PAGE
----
From soprano Johane Ansell: “The major impact that TBSI has made on my musical life: not only did it assist my solo performance skills but it also encouraged and facilitated the development of my ensemble singing, which is a useful skill to have and is applicable in all facets of vocal singing, not limited to early music singing. It is also one of the few programs that emphasize the study of the different styles of early/renaissance music: French baroque, Italian, etc., as well as the styles of different composers such as Bach, Lully and Handel. There is a reason people return to TBSI to participate more than once: it is a unique program with a LOT to offer and you get to work with the best in the business.”

Baroque violinist Alice Culin-Ellison says: “This will be my third summer attending the Institute. The first summer (at) TBSI was the first time I ever played on gut strings and learned the period performance techniques of how to hold the instrument (chin off with no chin or shoulder rest). I have nothing but fantastic things to say about TBSI. It led me to be in the process of getting my masters in early music (violin) and I have recommended it to many, many people, at least three of whom are attending this summer due to my recommendation.”

Even if you aren’t planning to participate as a student in TBSI, you can participate as an auditor of individual classes, full days or the events of the entire institute. There are also four public concerts featuring faculty and/or student performers, on June 3, 8, 12 and 15 – find details in The WholeNote’s festival listings or at www.tafelmusik.org/tbsi.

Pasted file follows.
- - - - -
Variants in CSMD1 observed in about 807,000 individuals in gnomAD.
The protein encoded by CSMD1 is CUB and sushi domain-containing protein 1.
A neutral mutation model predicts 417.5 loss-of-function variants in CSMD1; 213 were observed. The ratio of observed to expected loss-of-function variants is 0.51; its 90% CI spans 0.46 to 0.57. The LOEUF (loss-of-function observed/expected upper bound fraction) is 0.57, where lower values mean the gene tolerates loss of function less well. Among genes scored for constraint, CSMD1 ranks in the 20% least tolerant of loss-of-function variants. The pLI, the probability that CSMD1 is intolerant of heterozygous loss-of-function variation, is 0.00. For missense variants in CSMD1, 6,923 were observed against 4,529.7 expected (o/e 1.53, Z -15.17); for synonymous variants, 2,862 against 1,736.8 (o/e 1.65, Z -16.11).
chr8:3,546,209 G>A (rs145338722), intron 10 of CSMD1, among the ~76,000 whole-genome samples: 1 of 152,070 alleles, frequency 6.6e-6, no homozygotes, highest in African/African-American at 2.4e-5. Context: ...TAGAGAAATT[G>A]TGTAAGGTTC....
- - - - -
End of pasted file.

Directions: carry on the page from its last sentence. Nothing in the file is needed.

Just north of Newmarket lies a building of exquisite proportions, a National Historic Site known as Sharon Temple. Its interior space, with beautiful acoustical ambiance, is a natural venue for music (and was intended so by the Children of Peace, who built it). For several years now it’s been the home of a summer concert series, and this year co-artistic directors Larry Beckwith and Rick Phillips planned five Sunday afternoon concerts. The first one took place on May 29 and the other four run throughout June. Early music is featured in two of these. On June 5, celebrated countertenor Daniel Taylor brings his Theatre of Early Music to perform arias and duets by Handel. On June 26, the Toronto Consort presents their programme “Shakespeare’s Songbook”, featuring songs and dances from the plays of the immortal bard. A lovely way to spend a Sunday afternoon, I’d say.

The Church of St. Mary Magdalene in Toronto is famous as the place where composer Healey Willan focused much of his musical life, directing and composing for the choir and adding his musical voice to the Anglican liturgy for over 45 years. A new Friday evening concert series entitled, “Concerts Spirituels,” is beginning at the church which, as artistic director Stephanie Martin says, hopes to keep Willan’s dream alive by continuing the tradition of singing and playing wonderful music. Three concerts are planned – June 3, 10 and 17 – each featuring an a cappella renaissance mass (Victoria, Guerrero and Palestrina), a baroque chamber ensemble and organ music played on the three manual Healey Willan Memorial Organ.


Isn’t it just the luck! You write enthusiastically about the pending appearance of a special artist, then an injury prevents the concert – the whole North American tour! – from happening! The concert by Jordi Savall, Hespèrion XXI and La Capella Reial de Catalunya, that was discussed in last month’s column, and was supposed to have taken place at Koerner Hall, was cancelled, as you probably all know. But all being well, it will happen on March 1 of next year, and be enthusiastically heralded again in this column.

She can be contacted at earlymusic@thewholenote.com.